Culture is an important aspect of every society around the world, it determines people’s mindsets, actions, and activities. The French Revolution of 1848 was no different, much of the culture that is present in this society reflected the mentality at the time. A cultural lens will be looked at through the artifacts presented on this page. Readers will understand how political actors used poems, songs, and religions as tools for expressing their ideals and beliefs. As one would think, revolutions are not times of peace, these cultural mechanisms were curial in coping with the chaos of the time. This is why many political advocates used these cultural elements to their advantage in spreading their messages.

Chant Des Goipeurs


This “song of the vagabonds” rallies together the people of France who feel they have been disinherited, undervalued, and sacrificed by the elites. Repeated throughout the song is the line “à nous la liberté” – to us, liberty! The song’s proclamations acknowledge a collective identity among vagabonds or common people, and a sizeable one at that: “The law belongs to the majority, and the future of France belongs to us!”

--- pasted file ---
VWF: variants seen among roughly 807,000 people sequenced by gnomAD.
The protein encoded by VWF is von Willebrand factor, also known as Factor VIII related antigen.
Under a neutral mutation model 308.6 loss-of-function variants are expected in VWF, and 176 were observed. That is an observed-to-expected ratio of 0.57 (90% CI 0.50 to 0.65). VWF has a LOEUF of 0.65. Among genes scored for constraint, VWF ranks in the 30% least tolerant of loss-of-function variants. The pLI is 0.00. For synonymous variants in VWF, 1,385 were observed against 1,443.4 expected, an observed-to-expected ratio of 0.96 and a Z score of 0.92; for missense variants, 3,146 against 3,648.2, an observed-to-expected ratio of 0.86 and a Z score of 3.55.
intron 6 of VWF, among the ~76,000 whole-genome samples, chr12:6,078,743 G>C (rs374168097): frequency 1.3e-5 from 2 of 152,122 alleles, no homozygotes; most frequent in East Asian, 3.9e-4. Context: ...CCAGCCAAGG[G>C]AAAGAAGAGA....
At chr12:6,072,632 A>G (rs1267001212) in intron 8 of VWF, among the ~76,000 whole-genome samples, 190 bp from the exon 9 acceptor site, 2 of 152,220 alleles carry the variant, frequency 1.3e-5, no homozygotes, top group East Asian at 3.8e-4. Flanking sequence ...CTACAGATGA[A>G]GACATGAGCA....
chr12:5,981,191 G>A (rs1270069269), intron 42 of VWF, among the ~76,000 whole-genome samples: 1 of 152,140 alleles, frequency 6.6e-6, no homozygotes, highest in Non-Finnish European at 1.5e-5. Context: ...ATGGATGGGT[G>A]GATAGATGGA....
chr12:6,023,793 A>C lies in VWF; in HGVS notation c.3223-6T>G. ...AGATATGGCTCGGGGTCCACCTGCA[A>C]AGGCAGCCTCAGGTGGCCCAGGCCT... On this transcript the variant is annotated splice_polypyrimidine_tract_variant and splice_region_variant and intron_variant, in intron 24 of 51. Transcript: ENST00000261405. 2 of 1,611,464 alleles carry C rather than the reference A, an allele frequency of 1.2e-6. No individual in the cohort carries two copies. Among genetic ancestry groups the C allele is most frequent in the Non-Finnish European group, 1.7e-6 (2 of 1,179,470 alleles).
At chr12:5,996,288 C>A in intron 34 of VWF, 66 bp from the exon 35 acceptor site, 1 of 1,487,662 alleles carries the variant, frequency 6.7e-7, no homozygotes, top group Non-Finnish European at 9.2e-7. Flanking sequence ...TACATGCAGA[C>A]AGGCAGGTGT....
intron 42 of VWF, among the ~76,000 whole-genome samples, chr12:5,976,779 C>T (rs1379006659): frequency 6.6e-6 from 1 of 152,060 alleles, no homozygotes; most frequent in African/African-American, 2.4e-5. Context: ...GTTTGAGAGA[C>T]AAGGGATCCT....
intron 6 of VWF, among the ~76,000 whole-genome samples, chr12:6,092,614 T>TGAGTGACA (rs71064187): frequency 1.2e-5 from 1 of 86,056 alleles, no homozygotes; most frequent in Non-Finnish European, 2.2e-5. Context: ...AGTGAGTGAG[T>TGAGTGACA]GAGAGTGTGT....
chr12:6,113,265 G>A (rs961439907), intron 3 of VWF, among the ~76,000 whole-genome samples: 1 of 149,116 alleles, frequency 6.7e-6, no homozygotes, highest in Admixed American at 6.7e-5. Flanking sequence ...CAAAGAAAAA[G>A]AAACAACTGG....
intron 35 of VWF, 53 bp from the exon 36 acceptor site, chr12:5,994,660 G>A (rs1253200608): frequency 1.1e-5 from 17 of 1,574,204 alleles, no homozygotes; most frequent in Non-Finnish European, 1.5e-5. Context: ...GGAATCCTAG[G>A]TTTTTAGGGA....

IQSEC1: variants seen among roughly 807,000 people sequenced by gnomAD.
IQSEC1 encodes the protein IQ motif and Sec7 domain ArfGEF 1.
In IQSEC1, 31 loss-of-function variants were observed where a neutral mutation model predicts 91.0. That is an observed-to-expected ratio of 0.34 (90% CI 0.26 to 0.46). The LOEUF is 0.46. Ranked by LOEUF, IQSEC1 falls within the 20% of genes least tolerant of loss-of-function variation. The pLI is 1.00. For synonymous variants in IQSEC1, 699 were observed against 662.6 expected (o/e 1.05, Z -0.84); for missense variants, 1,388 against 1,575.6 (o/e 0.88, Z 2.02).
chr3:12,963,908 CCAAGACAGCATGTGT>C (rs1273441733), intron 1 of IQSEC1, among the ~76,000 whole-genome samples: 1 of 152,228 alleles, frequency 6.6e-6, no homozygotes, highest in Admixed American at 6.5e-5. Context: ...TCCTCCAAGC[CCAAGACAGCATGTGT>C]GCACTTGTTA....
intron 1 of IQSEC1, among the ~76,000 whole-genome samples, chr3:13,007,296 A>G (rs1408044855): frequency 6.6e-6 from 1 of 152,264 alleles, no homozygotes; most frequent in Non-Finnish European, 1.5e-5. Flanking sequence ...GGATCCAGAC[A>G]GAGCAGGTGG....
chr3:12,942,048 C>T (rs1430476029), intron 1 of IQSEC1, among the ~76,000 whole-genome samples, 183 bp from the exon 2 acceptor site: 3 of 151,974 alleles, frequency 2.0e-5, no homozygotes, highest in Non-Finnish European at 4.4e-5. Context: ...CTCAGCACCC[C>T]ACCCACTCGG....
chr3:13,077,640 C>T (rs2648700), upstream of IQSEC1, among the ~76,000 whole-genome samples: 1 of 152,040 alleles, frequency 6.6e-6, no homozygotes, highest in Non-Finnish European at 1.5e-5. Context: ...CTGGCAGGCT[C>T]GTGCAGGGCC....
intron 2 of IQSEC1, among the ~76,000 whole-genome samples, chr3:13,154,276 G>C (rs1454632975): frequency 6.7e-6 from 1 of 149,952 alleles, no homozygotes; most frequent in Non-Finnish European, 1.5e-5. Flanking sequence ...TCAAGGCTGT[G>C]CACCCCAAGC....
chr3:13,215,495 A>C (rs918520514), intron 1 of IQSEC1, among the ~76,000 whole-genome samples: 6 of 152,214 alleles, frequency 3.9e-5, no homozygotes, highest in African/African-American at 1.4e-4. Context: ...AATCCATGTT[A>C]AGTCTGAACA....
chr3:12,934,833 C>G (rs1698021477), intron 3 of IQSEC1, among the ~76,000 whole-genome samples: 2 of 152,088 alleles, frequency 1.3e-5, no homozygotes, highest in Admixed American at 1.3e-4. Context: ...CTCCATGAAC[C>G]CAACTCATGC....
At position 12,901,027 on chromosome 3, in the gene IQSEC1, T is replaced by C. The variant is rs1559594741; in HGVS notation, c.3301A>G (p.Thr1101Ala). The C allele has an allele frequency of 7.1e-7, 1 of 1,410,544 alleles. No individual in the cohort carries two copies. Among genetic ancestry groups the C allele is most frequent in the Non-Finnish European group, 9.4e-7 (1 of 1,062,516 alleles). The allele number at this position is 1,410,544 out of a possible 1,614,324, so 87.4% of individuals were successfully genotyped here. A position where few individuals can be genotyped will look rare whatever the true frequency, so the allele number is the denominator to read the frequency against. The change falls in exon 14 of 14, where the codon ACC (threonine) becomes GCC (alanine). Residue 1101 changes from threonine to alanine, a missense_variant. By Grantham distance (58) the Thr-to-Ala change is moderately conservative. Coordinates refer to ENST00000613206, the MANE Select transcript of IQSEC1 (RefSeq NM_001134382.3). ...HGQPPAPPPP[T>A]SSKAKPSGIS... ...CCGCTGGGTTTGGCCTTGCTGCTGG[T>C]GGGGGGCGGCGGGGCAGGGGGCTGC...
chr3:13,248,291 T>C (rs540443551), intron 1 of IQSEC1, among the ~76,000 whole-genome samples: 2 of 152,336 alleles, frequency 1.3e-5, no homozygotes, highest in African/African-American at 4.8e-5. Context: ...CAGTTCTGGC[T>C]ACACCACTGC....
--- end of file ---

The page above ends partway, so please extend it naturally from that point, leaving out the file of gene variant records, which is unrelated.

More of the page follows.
Choeur song pg 1


This song serves a different purpose to "The Song of the Vagabonds." It is written in order to inspire a greater sense of patriotism amongst the French people; to fight and die for their country. The song presents the wish of a soldier's family and friends to see them find glory in war, to fight for France and for its empire. This was published during a time of intense social turmoil and displeasure with the emperor, indicating a disconnect between the publishers of this song and those who were supposed to be its recipients.

The Misery


This song is a scathing but indirect critique of the nobility. It sarcastically encourages people to forgive their leadership for their horrible material conditions, as they have human rights and justice—if only in name. As indicated by its name, “La Misère,” it implies that there is a deep misery present within French society, where people are told that they possess certain rights and freedoms, while in fact starving under the rule of an emperor.

La Caricature


La Caricature’s first issue was published in March of 1850. It was an illustrated newspaper distributed outside of performing arts theatres, presenting theatre programs, jokes, and caricatures. The newspaper proclaims to never discuss politics so that its readers can enjoy themselves. However, plays and other performances often serve as commentaries on societal issues. Further, the front pages asserts its constitutionality and affordability, two important concerns for French citizens especially in the aftermath of political upheaval.